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Choosing between Cortona or San Gimignano!

Choosing between Cortona or San Gimignano!

Apr 21st, 2000, 12:35 PM
  #1  
Jp
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Choosing between Cortona or San Gimignano!

Forum members guided me to a good site for villa rentals, but now I'm stuck between a place in Cortona and one in San Gimignano. I've been to the latter, which is lovely and right in the heart of things but touristy. But what is the area around San Gimignano like? As compared to Cortona and the area? I'll be traveling with a baby, so wine isn't such a big deal for us, just want to be somewhere beautiful and near enough to some towns.
 
Apr 21st, 2000, 06:25 PM
  #2  
Mary
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Sam Gimignano is a tourist trap!!! I did not go to Cortona - but would imagine it is better than San Gimignano even with the the book (Under the Tuscan Sun) success.

Depends on what you are looking for. Real Italy is not overpriced San Gimignano! I am not sure that either is really close to big towns. You may want to go to something more centrally located, like Sienna. That was a great city (much bigger but not obese) compared with the two you listed. Great sites, good day trips - one of our favorite spots!

 
Apr 25th, 2000, 06:16 PM
  #3  
Margo
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I've been to San Gimignano three times over the past 6 years. I loved it at first, but each time I visited, it seemed to lose more of its charm. It is now an overpriced village and some of the merchants are tourist-weary, even to the point of being rude. I'm renting a villa in Cortona this fall. My friends who have visted Cortona loved it.
 
Apr 25th, 2000, 06:29 PM
  #4  
Patrick
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To Mary and to Margo: How many nights did you spend in San Gimignano each trip? I assume you are speaking from the experience of staying there and not just as another day tripper. What was it about SG at night that you didn't like??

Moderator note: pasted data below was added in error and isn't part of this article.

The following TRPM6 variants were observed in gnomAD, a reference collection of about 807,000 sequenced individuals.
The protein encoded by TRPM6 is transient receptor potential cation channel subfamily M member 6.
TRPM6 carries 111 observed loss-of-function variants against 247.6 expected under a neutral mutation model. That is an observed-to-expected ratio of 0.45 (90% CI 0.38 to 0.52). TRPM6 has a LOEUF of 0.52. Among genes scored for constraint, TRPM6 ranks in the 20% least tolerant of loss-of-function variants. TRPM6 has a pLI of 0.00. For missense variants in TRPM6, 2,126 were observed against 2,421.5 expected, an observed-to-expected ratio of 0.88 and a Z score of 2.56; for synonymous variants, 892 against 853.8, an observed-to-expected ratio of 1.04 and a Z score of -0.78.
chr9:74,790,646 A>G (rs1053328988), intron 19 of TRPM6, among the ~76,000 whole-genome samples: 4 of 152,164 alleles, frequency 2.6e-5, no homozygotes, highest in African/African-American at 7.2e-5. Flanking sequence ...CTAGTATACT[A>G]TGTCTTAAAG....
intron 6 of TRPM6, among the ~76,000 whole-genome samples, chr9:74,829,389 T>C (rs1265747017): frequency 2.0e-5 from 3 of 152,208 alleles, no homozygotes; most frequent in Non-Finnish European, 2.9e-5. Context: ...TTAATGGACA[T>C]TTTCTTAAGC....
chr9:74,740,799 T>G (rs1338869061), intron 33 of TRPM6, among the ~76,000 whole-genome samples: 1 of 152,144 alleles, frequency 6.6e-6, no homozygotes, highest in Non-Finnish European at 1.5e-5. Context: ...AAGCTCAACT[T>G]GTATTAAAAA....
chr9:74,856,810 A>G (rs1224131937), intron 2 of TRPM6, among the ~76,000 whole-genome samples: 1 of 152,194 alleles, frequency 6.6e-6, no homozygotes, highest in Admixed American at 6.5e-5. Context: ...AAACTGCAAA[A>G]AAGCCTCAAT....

Apr 25th, 2000, 07:59 PM
  #5  
Louise
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Patrick, if you keep telling people how great SG is, there won't be room for the likes of us when we return. You are right - you can't really appreciate SG if you visit only by day (but don't tell anyone about the charms of SG after the tourists leave). A year ago I found it to be friendly, and no more "expensive" than anywhere else.

On the other hand, I visited Cortona only during the day, and didn't think it was all that great. Next time perhaps I'll try staying there for a couple of days to better compare the two towns.
 
Apr 25th, 2000, 08:40 PM
  #6  
santachiara
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Cortona is a wonderful, charming hill town with enough sites of its own and without the overhype of San Gimignano, which I will never understand why it is the cat's meow. Cortona,in addition to a wonderful Etruscan museum, features outside of town St. Francis of Assisi's celle, a wonderful monastary type structure set in the side of a hill. In fall, its umber-colored bricks set against the fall foliage gives it an Oriental look of tranquility and simplicity. You will be near Perugia, a great town, and Arezzo, an underrated jewel with a great antiques market every first weekend of the month. My "own little town," Castiglion Fiorentino," is only a few kilometers away, and although short on tourist attractions is long on local insight into what a real Italian hilltown is like, not all strumpeted up Disney-does-Tuscany. And if you love art and Piero della Francesca, you are on trail to Sansepolcro and Monterchi. Read Francis Mayles' second book, Bella Tuscany, in which she comes down a little off her high horse and is not quite as lawdy-dawdy as she was in the lamentable Under the Tuscan Sun. In the second book, she devotes a whole chapter to all the little towns around Lake Trasimeno, which sound fascinating.